How to Become an Indispensable Clutch Man

How to Become an Indispensable Clutch Man

By Sam Logan:   It’s no secret that the modern day racing clutch has morphed into a pretty significant piece of engineering. Of course, all that became possible thanks to evolution. In short, constant increases in horsepower, ongoing trends in tire technology, nitrous oxide developments, better superchargers, and that all-important “need for speed” are responsible for wholesale changes in clutch design and application. Single-disc street-type clutches gave way to multiple-disc units, while at the same time clutch facing (or friction) materials went through a whole series of upgrades and changes over the years. You know the story – nothing stays the same in life. We thought it would be interesting to shed some light on just how these clutches operate in the intense arena of PDRA competition – namely, in the highly competitive world of Pro Nitrous and Extreme Pro Stock. In order to do that, we contacted the pros at Ram Clutches, based in Columbia, South Carolina., which seems to be the clutch of choice for many of today’s top racers. Intriguingly, most of these eighth-mile PDRA Pro Stock cars also compete in the MMPSA (Mountain Motor Pro Stock Association) championship, which run twice the distance with little or no changes to their specifications. Similarly eighth-mile PDRA Pro Nitrous cars regularly compete in quarter-mile NHRA Pro Mod events.   Clutch Basics — Pro Nitrous and Extreme Pro Stock Looking at the numbers, there is no minimum weight requirement for Pro Nitrous cars, although they typically weigh in the 2,350 to 2,400 pound range. These cars can trip the 60-foot timers in .950 to .970-seconds and run from 2.55...
Power Company I

Power Company I

Kevin Stoa Engine Build part 1 of 3. Text & phots by Sam Logan: By the end of his first year in business Kevin Stoa had built 80 race engines. A twice Super Nationals winner in IMCA Modified, Stoa formed his company in January 2009, on his fortieth birthday, in his home town of Albert Lea, Minnesota. He renovated his shop and hired two trustworthy engine builders he’d known for decades, Preston and Jerry, and KS Engineering was in business. Located near the town’s water tower the shop, curiously, displays no name. In fact, callers eager to visit the establishment can stand outside the building at 117 North Newton Avenue in confused silence while inside a dynamometer races at 7,300 rpm—a masterpiece in urban sound suppression. Acclaimed race engine shops usually succeed through the aspirations of one individual, and it’s unlikely there is a single shop of any consequence that is not the lengthened shadow of one man. And so it has been with the able young Stoa. Over the past two seasons KS Engineering’s race engines have demonstrated impressive pace and durability. Earlier this year, on Memorial Day weekend, four different customers prevailed in four different races. By mid-season the KS order book contained reservations two months ahead. Our interest aroused we decided to pay a visit and try to document some of the secrets of Stoa’s race engine building techniques. On the dirt ovals Stoa is a much-admired man: quiet and understated he is uncomplicated, direct, and sincere. In the workshop he has a thorough yet pragmatic approach to his craft and his deftness around an engine...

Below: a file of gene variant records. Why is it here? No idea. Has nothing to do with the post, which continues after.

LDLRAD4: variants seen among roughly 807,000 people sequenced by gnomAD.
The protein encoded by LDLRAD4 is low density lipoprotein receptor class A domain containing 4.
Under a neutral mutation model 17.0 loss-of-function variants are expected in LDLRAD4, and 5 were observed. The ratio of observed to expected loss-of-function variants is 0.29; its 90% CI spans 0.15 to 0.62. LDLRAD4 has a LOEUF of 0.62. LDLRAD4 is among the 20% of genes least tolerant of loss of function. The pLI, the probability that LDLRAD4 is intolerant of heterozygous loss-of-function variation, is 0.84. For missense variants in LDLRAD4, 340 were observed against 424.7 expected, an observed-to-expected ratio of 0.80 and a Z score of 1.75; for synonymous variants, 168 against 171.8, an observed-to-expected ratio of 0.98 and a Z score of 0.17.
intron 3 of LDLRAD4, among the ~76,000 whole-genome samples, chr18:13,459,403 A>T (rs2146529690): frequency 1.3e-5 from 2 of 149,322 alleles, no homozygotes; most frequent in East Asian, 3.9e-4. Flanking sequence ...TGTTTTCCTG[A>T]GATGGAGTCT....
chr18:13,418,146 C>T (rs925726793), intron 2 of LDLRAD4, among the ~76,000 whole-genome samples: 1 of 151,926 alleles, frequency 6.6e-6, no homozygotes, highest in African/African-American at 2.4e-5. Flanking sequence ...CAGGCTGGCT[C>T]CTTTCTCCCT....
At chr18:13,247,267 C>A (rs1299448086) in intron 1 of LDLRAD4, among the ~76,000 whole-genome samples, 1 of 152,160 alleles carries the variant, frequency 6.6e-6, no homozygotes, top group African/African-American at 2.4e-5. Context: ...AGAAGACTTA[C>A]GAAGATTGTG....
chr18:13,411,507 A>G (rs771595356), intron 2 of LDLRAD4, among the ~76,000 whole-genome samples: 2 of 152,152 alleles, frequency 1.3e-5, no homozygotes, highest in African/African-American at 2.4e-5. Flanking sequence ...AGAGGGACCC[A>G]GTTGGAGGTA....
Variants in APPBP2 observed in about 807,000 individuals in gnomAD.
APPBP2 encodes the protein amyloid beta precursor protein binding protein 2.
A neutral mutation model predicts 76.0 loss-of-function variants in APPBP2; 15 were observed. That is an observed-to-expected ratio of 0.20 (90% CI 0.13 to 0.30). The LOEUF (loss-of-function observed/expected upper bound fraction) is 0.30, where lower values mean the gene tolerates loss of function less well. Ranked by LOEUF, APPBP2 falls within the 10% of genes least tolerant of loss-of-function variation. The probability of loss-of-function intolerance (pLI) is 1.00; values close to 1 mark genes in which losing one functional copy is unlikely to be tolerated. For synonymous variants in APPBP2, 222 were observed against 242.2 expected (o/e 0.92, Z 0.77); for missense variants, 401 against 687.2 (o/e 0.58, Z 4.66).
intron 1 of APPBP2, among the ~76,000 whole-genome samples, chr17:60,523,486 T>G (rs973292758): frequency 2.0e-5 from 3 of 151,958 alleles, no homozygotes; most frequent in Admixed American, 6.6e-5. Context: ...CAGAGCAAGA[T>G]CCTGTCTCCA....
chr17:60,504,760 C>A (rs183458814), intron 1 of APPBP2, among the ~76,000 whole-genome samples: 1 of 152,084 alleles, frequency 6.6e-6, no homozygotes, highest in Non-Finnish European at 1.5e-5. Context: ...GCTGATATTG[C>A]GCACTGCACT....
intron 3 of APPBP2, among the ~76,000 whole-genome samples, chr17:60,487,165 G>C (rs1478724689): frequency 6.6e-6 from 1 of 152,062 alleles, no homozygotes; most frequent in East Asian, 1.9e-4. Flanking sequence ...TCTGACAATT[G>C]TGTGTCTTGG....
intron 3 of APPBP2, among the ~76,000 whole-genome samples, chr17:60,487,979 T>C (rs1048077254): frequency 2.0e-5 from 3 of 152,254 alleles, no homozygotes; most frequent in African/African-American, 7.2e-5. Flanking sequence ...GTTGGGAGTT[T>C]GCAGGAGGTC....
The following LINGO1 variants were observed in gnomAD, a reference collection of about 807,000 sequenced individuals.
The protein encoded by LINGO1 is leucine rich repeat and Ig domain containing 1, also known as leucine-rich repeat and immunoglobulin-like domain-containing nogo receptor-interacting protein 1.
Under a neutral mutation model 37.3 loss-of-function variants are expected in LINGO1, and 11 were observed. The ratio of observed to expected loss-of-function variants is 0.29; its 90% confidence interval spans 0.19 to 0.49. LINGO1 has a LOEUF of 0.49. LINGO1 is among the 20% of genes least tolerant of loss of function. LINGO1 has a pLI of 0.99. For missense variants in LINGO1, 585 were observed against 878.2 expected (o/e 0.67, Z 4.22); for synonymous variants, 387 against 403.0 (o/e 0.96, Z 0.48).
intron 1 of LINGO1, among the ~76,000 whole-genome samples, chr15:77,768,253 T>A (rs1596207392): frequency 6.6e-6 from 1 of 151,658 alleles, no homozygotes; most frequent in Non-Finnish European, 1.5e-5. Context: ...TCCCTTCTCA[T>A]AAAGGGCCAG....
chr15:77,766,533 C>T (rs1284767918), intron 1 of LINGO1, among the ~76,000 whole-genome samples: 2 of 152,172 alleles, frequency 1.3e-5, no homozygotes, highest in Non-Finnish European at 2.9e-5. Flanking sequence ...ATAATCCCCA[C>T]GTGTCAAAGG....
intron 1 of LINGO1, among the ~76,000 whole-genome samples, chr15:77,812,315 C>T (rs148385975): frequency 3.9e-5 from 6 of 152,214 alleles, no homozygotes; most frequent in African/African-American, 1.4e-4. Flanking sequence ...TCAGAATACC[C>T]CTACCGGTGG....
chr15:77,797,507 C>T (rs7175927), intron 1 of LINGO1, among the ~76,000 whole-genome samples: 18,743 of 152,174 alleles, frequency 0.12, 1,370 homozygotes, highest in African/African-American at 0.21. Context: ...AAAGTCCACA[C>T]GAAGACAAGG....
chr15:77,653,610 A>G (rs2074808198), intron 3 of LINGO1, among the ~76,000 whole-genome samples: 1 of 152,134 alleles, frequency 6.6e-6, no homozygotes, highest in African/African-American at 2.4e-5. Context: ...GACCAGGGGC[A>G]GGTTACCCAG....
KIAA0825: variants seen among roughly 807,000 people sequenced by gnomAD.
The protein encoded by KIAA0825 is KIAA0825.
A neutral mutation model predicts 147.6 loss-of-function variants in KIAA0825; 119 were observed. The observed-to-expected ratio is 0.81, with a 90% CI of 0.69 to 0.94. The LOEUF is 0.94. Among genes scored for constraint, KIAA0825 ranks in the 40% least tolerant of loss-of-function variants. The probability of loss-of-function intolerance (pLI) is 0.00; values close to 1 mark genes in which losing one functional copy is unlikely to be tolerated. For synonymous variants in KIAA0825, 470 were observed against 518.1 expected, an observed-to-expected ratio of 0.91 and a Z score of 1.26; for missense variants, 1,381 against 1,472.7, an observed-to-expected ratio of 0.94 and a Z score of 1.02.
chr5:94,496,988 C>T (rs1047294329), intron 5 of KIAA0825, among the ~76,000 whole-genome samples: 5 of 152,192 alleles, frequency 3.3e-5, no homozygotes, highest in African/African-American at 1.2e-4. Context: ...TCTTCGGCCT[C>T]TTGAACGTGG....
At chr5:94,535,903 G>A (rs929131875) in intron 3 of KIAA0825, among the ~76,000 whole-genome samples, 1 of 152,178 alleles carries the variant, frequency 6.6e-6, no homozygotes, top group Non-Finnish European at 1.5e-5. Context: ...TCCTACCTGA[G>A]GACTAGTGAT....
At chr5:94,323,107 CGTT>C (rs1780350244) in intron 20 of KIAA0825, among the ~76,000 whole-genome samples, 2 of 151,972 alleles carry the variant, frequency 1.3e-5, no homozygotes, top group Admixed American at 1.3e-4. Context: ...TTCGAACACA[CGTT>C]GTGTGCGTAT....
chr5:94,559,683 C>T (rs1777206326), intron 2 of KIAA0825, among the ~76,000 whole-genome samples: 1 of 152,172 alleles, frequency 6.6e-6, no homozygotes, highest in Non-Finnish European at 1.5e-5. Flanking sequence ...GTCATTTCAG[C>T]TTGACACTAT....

Power Company II

Power Company II